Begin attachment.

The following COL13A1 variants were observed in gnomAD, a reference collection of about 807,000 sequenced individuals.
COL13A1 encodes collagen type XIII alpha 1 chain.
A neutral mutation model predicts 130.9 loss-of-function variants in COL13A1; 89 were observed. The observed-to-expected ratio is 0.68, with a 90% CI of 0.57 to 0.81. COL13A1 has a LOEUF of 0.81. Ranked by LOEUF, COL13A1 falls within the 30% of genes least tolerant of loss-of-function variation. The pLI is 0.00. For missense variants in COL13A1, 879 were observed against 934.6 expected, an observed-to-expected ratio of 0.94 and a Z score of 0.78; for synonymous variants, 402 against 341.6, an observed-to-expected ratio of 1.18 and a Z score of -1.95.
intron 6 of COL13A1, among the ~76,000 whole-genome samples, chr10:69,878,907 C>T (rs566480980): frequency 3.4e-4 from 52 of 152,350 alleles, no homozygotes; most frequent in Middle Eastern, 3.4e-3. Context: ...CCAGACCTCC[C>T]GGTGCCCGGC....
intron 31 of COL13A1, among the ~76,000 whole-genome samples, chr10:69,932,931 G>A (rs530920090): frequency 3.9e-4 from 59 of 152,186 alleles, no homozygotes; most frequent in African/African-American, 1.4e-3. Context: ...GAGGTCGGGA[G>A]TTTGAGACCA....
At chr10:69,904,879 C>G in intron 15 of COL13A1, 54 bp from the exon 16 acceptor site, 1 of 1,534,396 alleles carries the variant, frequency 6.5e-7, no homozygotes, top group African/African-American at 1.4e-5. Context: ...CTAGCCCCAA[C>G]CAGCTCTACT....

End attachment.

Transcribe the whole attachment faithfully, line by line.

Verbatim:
The following COL13A1 variants were observed in gnomAD, a reference collection of about 807,000 sequenced individuals.
COL13A1 encodes collagen type XIII alpha 1 chain.
A neutral mutation model predicts 130.9 loss-of-function variants in COL13A1; 89 were observed. The observed-to-expected ratio is 0.68, with a 90% CI of 0.57 to 0.81. COL13A1 has a LOEUF of 0.81. Ranked by LOEUF, COL13A1 falls within the 30% of genes least tolerant of loss-of-function variation. The pLI is 0.00. For missense variants in COL13A1, 879 were observed against 934.6 expected, an observed-to-expected ratio of 0.94 and a Z score of 0.78; for synonymous variants, 402 against 341.6, an observed-to-expected ratio of 1.18 and a Z score of -1.95.
intron 6 of COL13A1, among the ~76,000 whole-genome samples, chr10:69,878,907 C>T (rs566480980): frequency 3.4e-4 from 52 of 152,350 alleles, no homozygotes; most frequent in Middle Eastern, 3.4e-3. Context: ...CCAGACCTCC[C>T]GGTGCCCGGC....
intron 31 of COL13A1, among the ~76,000 whole-genome samples, chr10:69,932,931 G>A (rs530920090): frequency 3.9e-4 from 59 of 152,186 alleles, no homozygotes; most frequent in African/African-American, 1.4e-3. Context: ...GAGGTCGGGA[G>A]TTTGAGACCA....
At chr10:69,904,879 C>G in intron 15 of COL13A1, 54 bp from the exon 16 acceptor site, 1 of 1,534,396 alleles carries the variant, frequency 6.5e-7, no homozygotes, top group African/African-American at 1.4e-5. Context: ...CTAGCCCCAA[C>G]CAGCTCTACT....